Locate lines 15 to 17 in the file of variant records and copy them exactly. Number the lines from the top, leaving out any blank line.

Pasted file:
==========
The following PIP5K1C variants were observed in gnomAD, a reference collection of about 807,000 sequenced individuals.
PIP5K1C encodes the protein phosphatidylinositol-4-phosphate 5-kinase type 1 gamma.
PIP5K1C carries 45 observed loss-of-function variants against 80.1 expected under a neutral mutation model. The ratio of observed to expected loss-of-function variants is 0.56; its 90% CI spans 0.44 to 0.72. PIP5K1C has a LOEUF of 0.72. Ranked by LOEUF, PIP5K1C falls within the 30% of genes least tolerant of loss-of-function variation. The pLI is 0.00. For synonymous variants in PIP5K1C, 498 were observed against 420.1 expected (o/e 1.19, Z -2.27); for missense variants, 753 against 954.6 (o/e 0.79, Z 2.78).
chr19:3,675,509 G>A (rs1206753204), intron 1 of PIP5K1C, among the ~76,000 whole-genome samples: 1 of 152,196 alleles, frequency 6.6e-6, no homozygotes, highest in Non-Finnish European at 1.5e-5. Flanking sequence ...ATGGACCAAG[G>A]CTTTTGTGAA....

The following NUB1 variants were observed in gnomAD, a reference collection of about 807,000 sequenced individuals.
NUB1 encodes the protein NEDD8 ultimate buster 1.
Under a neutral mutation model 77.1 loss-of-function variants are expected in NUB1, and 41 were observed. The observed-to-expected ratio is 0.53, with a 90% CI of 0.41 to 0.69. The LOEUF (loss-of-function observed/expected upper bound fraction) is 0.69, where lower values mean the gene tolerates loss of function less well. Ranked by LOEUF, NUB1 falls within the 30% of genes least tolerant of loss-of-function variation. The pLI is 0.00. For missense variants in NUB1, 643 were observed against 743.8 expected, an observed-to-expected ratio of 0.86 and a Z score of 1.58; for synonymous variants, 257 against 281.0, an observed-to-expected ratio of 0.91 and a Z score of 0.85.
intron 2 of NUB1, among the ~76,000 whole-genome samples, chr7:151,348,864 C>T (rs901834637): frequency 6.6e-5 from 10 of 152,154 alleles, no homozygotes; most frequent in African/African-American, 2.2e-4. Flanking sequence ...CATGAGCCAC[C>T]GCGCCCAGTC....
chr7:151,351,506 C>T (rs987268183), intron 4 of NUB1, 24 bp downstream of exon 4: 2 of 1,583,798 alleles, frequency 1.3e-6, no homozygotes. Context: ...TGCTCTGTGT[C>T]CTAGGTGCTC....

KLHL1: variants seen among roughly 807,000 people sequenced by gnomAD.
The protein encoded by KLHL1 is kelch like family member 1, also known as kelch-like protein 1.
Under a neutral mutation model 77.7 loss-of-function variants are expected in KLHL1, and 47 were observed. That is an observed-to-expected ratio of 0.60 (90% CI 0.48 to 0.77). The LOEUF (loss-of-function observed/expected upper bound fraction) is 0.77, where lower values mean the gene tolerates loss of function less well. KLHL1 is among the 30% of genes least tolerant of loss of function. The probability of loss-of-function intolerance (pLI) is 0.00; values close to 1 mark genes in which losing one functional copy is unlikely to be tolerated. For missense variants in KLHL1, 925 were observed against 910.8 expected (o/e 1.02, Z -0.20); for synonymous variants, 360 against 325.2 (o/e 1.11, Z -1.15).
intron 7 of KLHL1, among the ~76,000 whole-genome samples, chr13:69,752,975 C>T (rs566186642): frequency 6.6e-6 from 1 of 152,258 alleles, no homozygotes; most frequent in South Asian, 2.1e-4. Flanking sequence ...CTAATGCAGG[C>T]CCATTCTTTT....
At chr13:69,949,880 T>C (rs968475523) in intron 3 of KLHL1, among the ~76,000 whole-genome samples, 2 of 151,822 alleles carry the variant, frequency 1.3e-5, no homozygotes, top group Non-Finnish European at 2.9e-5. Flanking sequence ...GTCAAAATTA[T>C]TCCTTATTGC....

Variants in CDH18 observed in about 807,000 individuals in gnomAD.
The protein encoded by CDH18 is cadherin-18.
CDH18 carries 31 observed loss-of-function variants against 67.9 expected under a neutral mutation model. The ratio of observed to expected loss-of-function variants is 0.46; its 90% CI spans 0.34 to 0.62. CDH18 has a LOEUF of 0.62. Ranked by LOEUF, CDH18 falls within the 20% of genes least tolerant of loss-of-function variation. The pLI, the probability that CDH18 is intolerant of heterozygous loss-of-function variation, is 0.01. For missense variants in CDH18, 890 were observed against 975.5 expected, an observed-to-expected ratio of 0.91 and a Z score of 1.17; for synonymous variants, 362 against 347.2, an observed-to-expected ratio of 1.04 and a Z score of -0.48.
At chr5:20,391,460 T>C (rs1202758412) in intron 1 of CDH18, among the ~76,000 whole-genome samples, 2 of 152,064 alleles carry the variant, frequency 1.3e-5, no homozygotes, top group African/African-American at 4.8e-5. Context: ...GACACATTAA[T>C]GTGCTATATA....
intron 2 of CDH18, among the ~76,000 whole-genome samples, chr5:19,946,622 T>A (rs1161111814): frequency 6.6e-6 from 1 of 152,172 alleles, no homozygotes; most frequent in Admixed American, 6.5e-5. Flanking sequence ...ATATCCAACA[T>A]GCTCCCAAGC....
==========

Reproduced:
Variants in CDH18 observed in about 807,000 individuals in gnomAD.
The protein encoded by CDH18 is cadherin-18.
CDH18 carries 31 observed loss-of-function variants against 67.9 expected under a neutral mutation model. The ratio of observed to expected loss-of-function variants is 0.46; its 90% CI spans 0.34 to 0.62. CDH18 has a LOEUF of 0.62. Ranked by LOEUF, CDH18 falls within the 20% of genes least tolerant of loss-of-function variation. The pLI, the probability that CDH18 is intolerant of heterozygous loss-of-function variation, is 0.01. For missense variants in CDH18, 890 were observed against 975.5 expected, an observed-to-expected ratio of 0.91 and a Z score of 1.17; for synonymous variants, 362 against 347.2, an observed-to-expected ratio of 1.04 and a Z score of -0.48.